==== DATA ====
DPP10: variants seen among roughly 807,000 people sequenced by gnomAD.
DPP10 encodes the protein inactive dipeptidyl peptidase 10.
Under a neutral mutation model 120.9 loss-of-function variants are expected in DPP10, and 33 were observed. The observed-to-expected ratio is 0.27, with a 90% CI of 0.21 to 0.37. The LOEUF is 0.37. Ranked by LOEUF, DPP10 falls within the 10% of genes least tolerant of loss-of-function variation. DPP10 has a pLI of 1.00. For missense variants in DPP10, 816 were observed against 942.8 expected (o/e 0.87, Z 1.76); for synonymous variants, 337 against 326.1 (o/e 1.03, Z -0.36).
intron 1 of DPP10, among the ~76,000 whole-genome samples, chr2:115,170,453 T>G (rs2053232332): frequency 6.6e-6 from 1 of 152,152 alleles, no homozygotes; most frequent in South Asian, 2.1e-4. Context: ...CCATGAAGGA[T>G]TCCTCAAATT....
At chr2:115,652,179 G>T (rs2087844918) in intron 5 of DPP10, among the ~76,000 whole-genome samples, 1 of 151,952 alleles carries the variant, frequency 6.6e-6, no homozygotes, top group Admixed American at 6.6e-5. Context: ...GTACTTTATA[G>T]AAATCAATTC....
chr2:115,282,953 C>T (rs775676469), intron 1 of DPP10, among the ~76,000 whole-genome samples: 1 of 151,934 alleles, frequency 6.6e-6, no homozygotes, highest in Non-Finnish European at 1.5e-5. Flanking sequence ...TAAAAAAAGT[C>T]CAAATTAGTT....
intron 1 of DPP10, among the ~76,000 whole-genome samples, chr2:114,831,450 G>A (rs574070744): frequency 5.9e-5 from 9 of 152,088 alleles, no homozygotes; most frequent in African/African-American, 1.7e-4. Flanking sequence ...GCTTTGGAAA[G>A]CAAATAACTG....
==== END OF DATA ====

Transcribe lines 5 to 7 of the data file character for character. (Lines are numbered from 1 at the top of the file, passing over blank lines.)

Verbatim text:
At chr2:115,652,179 G>T (rs2087844918) in intron 5 of DPP10, among the ~76,000 whole-genome samples, 1 of 151,952 alleles carries the variant, frequency 6.6e-6, no homozygotes, top group Admixed American at 6.6e-5. Context: ...GTACTTTATA[G>T]AAATCAATTC....
chr2:115,282,953 C>T (rs775676469), intron 1 of DPP10, among the ~76,000 whole-genome samples: 1 of 151,934 alleles, frequency 6.6e-6, no homozygotes, highest in Non-Finnish European at 1.5e-5. Flanking sequence ...TAAAAAAAGT[C>T]CAAATTAGTT....
intron 1 of DPP10, among the ~76,000 whole-genome samples, chr2:114,831,450 G>A (rs574070744): frequency 5.9e-5 from 9 of 152,088 alleles, no homozygotes; most frequent in African/African-American, 1.7e-4. Flanking sequence ...GCTTTGGAAA[G>A]CAAATAACTG....